Israel Builds a New Bridge to Arabs
Economic ties sought among Palestinians, Jordanians, and Israelis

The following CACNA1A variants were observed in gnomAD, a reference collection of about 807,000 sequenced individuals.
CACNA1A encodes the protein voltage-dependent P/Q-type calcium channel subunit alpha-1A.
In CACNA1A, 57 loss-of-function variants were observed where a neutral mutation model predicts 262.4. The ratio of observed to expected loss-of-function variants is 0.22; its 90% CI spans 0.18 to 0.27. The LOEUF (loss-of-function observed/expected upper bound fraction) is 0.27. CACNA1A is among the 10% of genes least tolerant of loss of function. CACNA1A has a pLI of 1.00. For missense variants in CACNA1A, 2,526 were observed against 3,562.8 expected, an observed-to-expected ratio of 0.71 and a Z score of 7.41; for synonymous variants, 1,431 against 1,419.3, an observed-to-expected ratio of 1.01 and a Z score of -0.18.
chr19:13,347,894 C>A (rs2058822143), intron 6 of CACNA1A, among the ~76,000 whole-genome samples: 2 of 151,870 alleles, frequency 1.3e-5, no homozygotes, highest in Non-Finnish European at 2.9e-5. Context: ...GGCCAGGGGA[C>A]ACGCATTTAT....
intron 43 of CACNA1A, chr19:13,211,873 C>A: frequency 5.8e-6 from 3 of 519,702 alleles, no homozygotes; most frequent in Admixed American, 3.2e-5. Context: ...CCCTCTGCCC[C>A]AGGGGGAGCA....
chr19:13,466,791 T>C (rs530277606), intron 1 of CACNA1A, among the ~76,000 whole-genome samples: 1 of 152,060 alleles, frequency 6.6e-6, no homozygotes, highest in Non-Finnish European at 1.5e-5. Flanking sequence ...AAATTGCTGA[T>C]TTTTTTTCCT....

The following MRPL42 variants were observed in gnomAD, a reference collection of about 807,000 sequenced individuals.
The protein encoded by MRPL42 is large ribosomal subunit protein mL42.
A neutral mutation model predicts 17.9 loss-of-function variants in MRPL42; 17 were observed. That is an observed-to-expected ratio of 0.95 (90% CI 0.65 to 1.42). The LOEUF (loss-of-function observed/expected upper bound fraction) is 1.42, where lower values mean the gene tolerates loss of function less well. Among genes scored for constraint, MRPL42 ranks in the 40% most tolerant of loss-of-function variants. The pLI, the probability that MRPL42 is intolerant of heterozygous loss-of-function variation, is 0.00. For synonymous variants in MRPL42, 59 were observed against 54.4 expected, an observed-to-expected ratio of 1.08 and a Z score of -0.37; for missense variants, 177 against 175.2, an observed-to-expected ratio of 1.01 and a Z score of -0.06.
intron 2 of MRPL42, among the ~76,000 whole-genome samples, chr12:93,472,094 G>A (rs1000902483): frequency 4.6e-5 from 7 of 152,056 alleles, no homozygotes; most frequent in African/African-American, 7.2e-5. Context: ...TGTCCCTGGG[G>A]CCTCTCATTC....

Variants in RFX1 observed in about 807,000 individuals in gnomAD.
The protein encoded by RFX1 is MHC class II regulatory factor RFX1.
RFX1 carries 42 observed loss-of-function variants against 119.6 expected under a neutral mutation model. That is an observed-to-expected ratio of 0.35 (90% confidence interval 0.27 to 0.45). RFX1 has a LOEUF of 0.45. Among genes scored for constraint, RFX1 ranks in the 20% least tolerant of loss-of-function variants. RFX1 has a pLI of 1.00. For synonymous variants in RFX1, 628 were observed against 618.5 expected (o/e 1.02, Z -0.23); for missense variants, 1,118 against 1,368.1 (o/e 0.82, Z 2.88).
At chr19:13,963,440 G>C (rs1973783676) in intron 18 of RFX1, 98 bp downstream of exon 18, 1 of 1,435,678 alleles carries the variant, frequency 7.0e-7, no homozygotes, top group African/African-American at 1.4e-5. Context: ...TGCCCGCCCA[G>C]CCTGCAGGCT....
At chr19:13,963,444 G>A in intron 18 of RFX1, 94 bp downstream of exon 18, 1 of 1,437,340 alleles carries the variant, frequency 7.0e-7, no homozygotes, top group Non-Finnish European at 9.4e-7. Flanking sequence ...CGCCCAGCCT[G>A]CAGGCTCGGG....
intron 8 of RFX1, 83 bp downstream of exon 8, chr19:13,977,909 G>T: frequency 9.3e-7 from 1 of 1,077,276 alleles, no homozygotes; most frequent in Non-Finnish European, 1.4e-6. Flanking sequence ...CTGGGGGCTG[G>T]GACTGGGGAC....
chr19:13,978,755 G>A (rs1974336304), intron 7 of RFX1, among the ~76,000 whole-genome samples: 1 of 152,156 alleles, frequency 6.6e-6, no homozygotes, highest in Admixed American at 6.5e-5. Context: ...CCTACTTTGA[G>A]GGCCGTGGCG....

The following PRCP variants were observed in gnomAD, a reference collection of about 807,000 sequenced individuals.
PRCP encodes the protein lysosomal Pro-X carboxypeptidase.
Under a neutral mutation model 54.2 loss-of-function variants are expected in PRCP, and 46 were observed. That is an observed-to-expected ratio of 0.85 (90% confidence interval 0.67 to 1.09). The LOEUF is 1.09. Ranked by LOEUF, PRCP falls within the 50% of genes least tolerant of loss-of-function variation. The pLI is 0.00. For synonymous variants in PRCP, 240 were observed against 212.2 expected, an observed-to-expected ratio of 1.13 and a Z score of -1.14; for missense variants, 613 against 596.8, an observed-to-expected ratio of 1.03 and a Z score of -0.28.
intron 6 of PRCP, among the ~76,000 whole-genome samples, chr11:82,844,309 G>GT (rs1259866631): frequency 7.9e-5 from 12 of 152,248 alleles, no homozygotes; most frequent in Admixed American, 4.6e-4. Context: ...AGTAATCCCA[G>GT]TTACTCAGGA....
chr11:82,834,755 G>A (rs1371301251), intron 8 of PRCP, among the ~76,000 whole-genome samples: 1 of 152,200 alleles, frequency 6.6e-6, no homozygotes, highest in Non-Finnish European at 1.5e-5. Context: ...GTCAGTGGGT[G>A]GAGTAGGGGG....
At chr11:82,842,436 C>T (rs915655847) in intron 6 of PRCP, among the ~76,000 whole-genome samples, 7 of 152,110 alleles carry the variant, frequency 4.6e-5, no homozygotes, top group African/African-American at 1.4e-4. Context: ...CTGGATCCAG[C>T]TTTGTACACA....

ISRAEL, Jordan, and the Palestinians, tossing aside Arab skepticism and Islamic resistance, are laying the groundwork for an economic alliance. The initiative builds on the peace pacts Israel signed separately with Palestinian leaders and Jordan since 1993, ending decades of sometimes-violent animosity. Representatives of the three met at a conference in Amman, Jordan, last weekend to seek ways to bolster their accords. They agreed to promote a plan that calls for an economic confederation that could develop into a political alliance. ''I think the best solution would be an economic confederation between Jordan, Israel, and the Palestinians, and a bilateral political federation between Jordan and the Palestinians,'' Israeli Economy and Planning Minister Yossi Beilin told the Monitor in a recent interview. Jordanian officials, while supporting the initiative, say that Israeli recognition of an economic entity between the three parties is not a substitute for tackling the difficult political issues. They insist that there will not be a durable peace in the Middle East until issues like the status of Jerusalem, the position of several million Palestinian refugees, and the future of Israeli settlers on the West Bank are resolved. But the proposed economic ties would provide coordinated planning in energy and water supplies, jointly managed transportation routes, coordinated trade, and shared ports and airports. It could mean that a Palestinian entity may never function as a fully autonomous state, because it would be operating jointly with the other two states. ''The Palestinian entity is a temporary measure to get away from the frictions in our relationship [with Palestinians],'' Abdul Hadi al-Majali, a member of Jordan's parliament told the conference. ''Then we can get down and discuss the options of confederation, federal unity, or an independent nation for the Palestinians.'' Next week, senior officials of the three planning departments will meet in Jerusalem to hammer out a joint strategy. This will be followed by a ministerial meeting in Bonn in October. ''Our first priority is to coordinate long-term planning to ensure that the three economies do not compete with each other and that we connect the infrastructures and maximize resources,'' Israeli Economy and Planning director Alon Liel told the Monitor in a recent interview. The close links between Jordan's 4 million population - more than half of whom are Palestinians - and about 2.5 million Palestinians in the autonomous Gaza Strip and the still Israeli-occupied West Bank dictate close cooperation among the three parties. Israel stands to benefit from the three-way partnership by reducing its own infrastructural costs and meeting the requirements for qualifying for substantial aid from the European Union for joint projects with its neighbors Jordanians and Palestinians would benefit from more open and efficient trade and transport and shared infra-structure. Israel's economy overshadows Jordan's and the emerging Palestinian state's. Israel's per-capita gross domestic product is $15,000 compared with $1,200 for Jordan and $800 for the Palestinians in the self-rule areas. Agreements between Jordan and Israel have already been signed in the fields of energy, environment, health, and tourism. Crucial accords on trade and transport are imminent. But free trade and transport routes are being thwarted by the cumbersome bottlenecks at the borders between Jordan and Israel, which are maintained to satisfy Israeli security priorities. Many of the joint projects are contained in last year's historic Israel-Jordan peace accord. But implementation is being hampered by a public backlash in Jordan against the peace with Israel. ''For the average Jordanian, the peace treaty with Israel presented hope of a better future and a better life, but that hope has been only partially realized,'' said Marwan Muasher, Jordan's ambassador to Israel. But the far-reaching plans could bolster the laboring Middle East peace initiative by consolidating political gains with economic development. The plans could also defuse the long-standing rivalry between Jordan's King Hussein and Palestinian leader Yasser Arafat given their overlapping roles as advocates of the Palestinian question of self-determination. These divisions, like the conflict over Jordan's claim of custodianship over Muslim holy sites in Jerusalem, has enabled Israel to play the two leaders against each other, usually at Mr. Arafat's expense. There is also a growing feeling in the Arab world that the time has come for the Palestinians to stand on their own. ''The Palestinians have for too long insisted that Arab diplomacy should be hostage to their cause,'' said Abbas Kelidar, political adviser to Jordanian Crown Prince Hassan, heir to Jordan's throne. THE plan is strongly opposed by militant Islamic movements that seek to establish an Islamic state in the Palestinian territories and Israel. Egypt, seeing itself being marginalized by the initiative, also rejects it. ''What about the other 95 million people in the region?'' asked Maj. Gen. Ahmed Ismail Fakhr of the Cairo-based National Center for Middle Eastern Studies. The triangular arrangement is also opposed by the right-wing Likud opposition in Israel, which favors partitioning the West Bank into sovereign Israeli cantons and Palestinian cantons that would fall under the political leadership of Jordan. But advocates of the new three-way partnership argue that it will soon build a momentum that will supercede the political obstacles. ''Not all the 12 million people share this vision at present, but the linkage between the three parties is inevitable,'' Israeli Health Minister Ephraim Sneh told the conference of Israeli, Jordanian, and American scholars and businessmen in Amman last weekend.